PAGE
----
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[529] made to drive the enemy's vessels upon them if he is taking other courses.

The obstructions will also be designated, and under no circumstances will the enemy be permitted to reconnoitre them.

The headquarters of the undersigned will be at Fort Sumter, and directions be sent by telegraph and signal to the different posts, should anything require special directions.

Batteries Marshall and Wagner will be worked to the extent of their capacity for injuring the enemy, by their commanding officers, without unduly exposing their commands.

The directions given above, relate generally to the defeat of an attack by the enemy's fleet alone. Should a combined attack be made by land and water, other orders can be issued, as nothing of that kind can be done by surprise.

The present circular will be studied and reflected upon by all officers who will be engaged in this honorable duty of the coming defence. With careful attention, coolness, and skilful gunnery, success is far more than probable.

R. S. Ripley, Brigadier-General, commanding.
Official: Wm. F. Nance, A. A. General.

Reports of the Military Engineers of the engagement of the enemy's iron-clad fleet with the Forts and batteries commanding the outer harbor of Charleston on the Seventh of April, 1863.

office of Chief Engineer, Charleston, South Carolina, April 23, 1863.
Brigadier-General Thomas Jordan, Chief of Staff:
General: In compliance with instructions,

Major Echols has made a report in detail of the engagement on the seventh instant, of the enemy's iron-clad fleet with the forts and batteries commanding the outer harbor of this city, which I have the honor to hand you herewith.

This report is based upon information derived from the commanding officers of the forts and batteries engaged in the fight, and upon an examination in company with myself of those works on the eighth and ninth instant.

The fire of the enemy was directed chiefly against Fort Sumter, at a distance of from nine to fifteen hundred yards. The injuries to the fort, of which the tables and drawings accompanying Major Echols' report give an accurate description, were not of a character to impair its efficiency. The crushing effect of the enemy's heavy missiles was less than I had anticipated. The chief damage was probably caused by the explosion of shells against and in the walls of the fort.

The manner in which the fort withstood the bombardment is a matter of congratulation, and encourages us to believe that the repairs that have been made, and the measures now in progress to strengthen and protect its walls, will enable the fort to withstand a much more formidable bombardment with like good results.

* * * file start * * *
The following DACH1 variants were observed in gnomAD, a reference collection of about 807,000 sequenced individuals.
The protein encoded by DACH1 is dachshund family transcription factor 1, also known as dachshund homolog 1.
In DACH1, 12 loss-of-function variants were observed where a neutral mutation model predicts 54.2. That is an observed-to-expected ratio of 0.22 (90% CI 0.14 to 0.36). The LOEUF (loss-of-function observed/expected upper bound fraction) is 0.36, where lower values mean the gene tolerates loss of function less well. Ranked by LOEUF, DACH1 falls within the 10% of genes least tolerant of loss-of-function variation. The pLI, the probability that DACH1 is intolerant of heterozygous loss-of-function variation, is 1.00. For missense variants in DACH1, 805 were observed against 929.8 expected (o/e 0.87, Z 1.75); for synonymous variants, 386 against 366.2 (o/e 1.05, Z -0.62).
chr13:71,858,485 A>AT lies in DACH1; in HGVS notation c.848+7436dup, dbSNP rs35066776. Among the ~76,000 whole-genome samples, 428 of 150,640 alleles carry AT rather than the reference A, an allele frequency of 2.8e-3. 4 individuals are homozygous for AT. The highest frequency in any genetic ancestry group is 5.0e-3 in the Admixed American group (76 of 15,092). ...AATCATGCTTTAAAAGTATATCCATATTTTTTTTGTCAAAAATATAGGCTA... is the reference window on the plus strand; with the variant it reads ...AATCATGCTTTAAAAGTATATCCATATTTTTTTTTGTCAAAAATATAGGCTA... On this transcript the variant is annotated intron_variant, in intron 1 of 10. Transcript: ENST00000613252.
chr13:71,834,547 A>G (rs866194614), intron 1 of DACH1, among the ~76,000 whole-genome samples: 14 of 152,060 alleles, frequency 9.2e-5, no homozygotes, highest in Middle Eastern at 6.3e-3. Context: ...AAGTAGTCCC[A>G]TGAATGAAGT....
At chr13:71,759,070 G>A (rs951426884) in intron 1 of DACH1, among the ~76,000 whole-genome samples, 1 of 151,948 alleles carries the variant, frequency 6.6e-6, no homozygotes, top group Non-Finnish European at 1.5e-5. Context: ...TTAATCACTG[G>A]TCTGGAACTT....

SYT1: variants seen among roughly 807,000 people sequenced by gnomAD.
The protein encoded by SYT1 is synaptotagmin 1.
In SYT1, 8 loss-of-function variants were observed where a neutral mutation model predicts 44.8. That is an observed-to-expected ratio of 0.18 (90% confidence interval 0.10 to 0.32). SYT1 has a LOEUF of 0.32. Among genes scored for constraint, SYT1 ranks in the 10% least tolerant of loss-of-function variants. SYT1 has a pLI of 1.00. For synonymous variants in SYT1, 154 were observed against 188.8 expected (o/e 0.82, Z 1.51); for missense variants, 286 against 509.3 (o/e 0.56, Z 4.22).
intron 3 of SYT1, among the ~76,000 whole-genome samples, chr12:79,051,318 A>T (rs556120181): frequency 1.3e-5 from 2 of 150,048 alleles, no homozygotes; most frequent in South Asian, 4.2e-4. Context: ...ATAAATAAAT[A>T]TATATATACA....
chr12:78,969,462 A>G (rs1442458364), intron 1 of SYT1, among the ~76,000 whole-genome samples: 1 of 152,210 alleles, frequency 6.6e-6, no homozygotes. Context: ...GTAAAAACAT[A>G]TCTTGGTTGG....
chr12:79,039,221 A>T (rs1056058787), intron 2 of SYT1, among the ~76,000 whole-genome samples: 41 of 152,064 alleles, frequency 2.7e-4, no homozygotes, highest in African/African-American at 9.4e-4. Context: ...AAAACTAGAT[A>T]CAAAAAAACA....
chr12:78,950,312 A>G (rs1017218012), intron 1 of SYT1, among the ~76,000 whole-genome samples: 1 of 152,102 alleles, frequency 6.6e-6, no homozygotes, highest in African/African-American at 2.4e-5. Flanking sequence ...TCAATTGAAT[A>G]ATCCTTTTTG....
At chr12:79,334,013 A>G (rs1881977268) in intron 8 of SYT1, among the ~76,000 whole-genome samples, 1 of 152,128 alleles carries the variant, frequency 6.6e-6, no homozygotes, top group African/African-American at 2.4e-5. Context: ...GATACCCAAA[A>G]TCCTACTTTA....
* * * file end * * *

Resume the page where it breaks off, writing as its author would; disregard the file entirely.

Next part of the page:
Of the other works engaged, none of which attracted much of the enemy's attention, only one--Fort Moultrie--received any damage, and that was very trivial.

Fort Moultrie, Battery Wagner, and Cummins Point battery fired upon the fleet at a distance of from twelve to fifteen hundred yards; Batteries Bee and Beauregard at a distance of from sixteen hundred to two thousand yards--too far, in the case of the latter-named batteries, for useful effect against iron-clads.

Our batteries were admirably served by our skilled artillerists. Much of the rapidity and accuracy with which our heavy guns were fired was due to the use of Colonel Yates' traverser, with the merits of which the General commanding has been fully impressed.

Our batteries discharged about twenty-two hundred shot of all sorts; the enemy's fleet about one hundred and ten, chiefly fifteen-inch shell and eleven-inch solid shot — not less than eighty of which were directed at Fort Sumter.

The sinking of the Keokuk, and the discomfiture of other iron-clads, has established their vulnerability to our heavy projectiles at a range, say, of from nine to twelve hundred yards.

It appeared on an examination of the wreck of the Keokuk, on the sixteenth instant, by Lieutenant Boyleston, confirmed in the main by my own observations on the nineteenth instant, that her turrets within four and a half feet of their tops, had been pierced by four ten-inch shot and one seven-inch rifle shot, and a wrought iron Brooke bolt had pentrated seven-eighths of its length and stuck in the plating. Several severe indentations were also observed, near which the plates were warped and the bolts broken or started. The top of the smoke-stack (of sheet iron) was very much torn, and the bottom of it (of similar structure to the turrets) pierced by a ten-inch shot. The vessel having sunk in thirteen feet of water, prevented an examination of the lower portions of her turrets, or of her hull, which, no doubt, were served in like manner. From this it would appear that the ten-inch shot are just as effective at the distance, say, of nine hundred yards as the seven-inch Brooke bolts against such structures as the turrets of the Keokuk.

The result of this engagement is highly gratifying, and increases our confidence in our ability, with good batteries of suitable guns, to contend successfully with vessels of the monitor class. The enemy's evident and just dread of torpedoes, as evinced in his preparation for their explosion, by the “Devil,” or torpedo-searcher, should induce us to multiply our defences of that character in whatsoever manner they can be made available.

I have the honor to be,

Yours, very respectfully,

D. B. Harris, Major and Chief of Engineers.
Official: G. Thomas Cox. Lieutenant Engineers.

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